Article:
When someone we love passes away, we experience deep sorrow and grief. We miss that person’s presence and caring. We miss the support and all that we shared. Jewish mourning rituals and customs are meant to help us cope, to face the loss realistically, and to find comfort. Jewish tradition helps us to understand that “death is not the end” but rather that our loved ones continue to live in our memory and keep influencing the ones left behind.
In this regard, this week’s Torah portion, Chayei Sarah, provides us with a very important tool. While Chayei Sarah may be translated as “Sarah’s lifetime,” our parashah actually deals with Sarah’s death, how Abraham dealt with it, and how life continued for her family after this big break, just before Yitzchak and Rivka start their own new family.
An important part of Abraham’s way of dealing with the death of his beloved wife is to find a proper place for her burial. He finds the Machpelah, a cave in Hebron, and purchases it for the full value of the land from a local Hittite leader. This can be seen as a fundamental cornerstone of our Jewish tradition. Every Jew should have a proper gravesite, a place that reflects the dignity of the deceased, and which serves as a enduring place to commemorate lost love ones for the bereaved.
One of the heinous crimes during the Shoah was to deny the victims this fundamental right. Not only were they deprived of their names, their dignity and dehumanised during their lifetime, they were refused a funeral. They were murdered, burned and hastily buried anonymously. Their death sought not only to extinguish their lives but their memory, too. We cannot provide the victims of the Shoah with a Machpelah, a proper gravesite. But what we can do is to remember them and their lives by gathering like we did last Monday evening. What we can do is to bear the legacy of each of them, and to reinstate the memory their names as a permanent remembrance. As a Jewish community we can – together with the society we are living in – create places and occasions for grief and commemoration. We can at least try to restore all that was taken away so brutally from the victims of the Shoah: their dignity, their uniqueness, their individuality, and their divine spark, which is inherent in every human being.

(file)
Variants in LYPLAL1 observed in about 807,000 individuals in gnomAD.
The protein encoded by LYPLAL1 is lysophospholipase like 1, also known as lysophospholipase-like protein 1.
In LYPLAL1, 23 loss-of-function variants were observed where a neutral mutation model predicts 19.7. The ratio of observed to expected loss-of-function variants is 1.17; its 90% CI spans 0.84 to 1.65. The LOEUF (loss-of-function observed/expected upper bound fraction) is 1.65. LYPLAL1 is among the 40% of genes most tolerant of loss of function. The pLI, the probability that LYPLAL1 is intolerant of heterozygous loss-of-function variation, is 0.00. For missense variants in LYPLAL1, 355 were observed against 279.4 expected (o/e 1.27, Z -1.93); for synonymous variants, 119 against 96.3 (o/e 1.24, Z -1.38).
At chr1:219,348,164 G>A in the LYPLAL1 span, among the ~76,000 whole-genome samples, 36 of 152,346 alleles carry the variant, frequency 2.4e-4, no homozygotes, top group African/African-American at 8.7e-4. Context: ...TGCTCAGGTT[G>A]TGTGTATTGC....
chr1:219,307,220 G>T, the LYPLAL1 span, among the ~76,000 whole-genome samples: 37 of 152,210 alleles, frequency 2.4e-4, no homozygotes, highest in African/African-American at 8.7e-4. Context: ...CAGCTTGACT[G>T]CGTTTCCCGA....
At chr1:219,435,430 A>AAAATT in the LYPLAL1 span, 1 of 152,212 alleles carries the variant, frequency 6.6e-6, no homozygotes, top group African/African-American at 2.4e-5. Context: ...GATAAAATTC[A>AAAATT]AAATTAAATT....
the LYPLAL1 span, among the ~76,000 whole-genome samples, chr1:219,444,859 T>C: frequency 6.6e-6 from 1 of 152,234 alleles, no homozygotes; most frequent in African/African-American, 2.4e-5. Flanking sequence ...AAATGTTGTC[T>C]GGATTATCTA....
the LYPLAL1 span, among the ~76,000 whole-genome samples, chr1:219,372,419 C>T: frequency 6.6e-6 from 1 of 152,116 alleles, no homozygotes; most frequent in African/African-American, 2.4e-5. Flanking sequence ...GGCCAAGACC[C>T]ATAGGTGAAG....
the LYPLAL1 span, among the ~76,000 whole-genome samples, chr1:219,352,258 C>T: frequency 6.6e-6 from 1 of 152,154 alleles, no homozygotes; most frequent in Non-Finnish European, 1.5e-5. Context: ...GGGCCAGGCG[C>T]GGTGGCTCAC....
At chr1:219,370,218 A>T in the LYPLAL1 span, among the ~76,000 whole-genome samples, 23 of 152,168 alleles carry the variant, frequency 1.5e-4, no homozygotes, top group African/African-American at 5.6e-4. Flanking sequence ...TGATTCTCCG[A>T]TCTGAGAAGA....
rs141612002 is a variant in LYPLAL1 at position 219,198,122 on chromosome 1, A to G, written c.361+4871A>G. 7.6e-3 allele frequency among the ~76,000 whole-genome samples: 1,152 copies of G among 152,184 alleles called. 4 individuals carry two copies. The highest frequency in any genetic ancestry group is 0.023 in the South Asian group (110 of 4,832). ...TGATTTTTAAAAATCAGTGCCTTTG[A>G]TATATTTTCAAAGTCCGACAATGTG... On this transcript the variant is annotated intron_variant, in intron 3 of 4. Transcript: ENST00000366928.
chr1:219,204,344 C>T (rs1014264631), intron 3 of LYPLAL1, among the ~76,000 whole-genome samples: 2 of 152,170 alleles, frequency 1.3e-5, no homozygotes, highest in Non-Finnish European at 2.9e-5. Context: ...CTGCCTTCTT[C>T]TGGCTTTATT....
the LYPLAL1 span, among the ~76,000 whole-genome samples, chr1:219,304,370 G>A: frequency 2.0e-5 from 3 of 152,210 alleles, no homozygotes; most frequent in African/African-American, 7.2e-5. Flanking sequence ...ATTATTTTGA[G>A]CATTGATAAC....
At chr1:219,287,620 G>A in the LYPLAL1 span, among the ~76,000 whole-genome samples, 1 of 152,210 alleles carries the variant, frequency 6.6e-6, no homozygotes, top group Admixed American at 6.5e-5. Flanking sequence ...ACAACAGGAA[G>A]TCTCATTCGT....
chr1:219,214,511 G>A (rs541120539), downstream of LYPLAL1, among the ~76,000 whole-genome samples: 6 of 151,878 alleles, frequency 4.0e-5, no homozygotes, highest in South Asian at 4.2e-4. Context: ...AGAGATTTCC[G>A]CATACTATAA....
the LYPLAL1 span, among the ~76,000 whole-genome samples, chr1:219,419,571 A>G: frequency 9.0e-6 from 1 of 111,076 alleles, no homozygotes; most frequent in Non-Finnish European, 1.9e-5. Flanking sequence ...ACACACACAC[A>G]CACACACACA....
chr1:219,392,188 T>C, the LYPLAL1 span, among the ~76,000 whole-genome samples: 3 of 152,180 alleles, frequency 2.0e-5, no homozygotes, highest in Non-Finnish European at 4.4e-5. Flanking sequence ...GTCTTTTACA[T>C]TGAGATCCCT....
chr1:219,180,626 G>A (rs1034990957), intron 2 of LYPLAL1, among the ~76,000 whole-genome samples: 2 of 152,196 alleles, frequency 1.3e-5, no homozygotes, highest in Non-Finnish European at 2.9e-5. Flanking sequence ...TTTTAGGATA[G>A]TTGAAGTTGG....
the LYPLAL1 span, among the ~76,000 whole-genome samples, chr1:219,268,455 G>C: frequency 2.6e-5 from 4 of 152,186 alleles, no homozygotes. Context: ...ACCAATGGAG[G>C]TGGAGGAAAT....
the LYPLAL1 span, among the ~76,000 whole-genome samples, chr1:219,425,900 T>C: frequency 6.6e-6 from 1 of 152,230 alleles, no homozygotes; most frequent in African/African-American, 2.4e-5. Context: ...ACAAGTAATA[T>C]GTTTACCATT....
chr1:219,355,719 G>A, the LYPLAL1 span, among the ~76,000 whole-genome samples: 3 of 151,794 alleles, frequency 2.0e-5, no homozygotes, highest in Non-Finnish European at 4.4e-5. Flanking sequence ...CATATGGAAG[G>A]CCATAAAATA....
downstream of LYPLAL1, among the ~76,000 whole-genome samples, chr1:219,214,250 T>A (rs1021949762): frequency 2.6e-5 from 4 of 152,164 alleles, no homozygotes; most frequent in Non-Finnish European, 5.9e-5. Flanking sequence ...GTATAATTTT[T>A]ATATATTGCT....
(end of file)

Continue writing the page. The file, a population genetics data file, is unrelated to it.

It is remarkable that at Abraham’s own funeral – which marks the end of the parashah, his whole family comes together to grieve the loss of their patriarch. They get a chance to remember him for the man he was, with all the ups and downs., the moments they shared, and all the divine sparks scattered during his lifetime. Let us be this family for the millions murdered in the Shoah, comforting the survivors, and underlining that “death is not the end” but rather that all of them live in our memories
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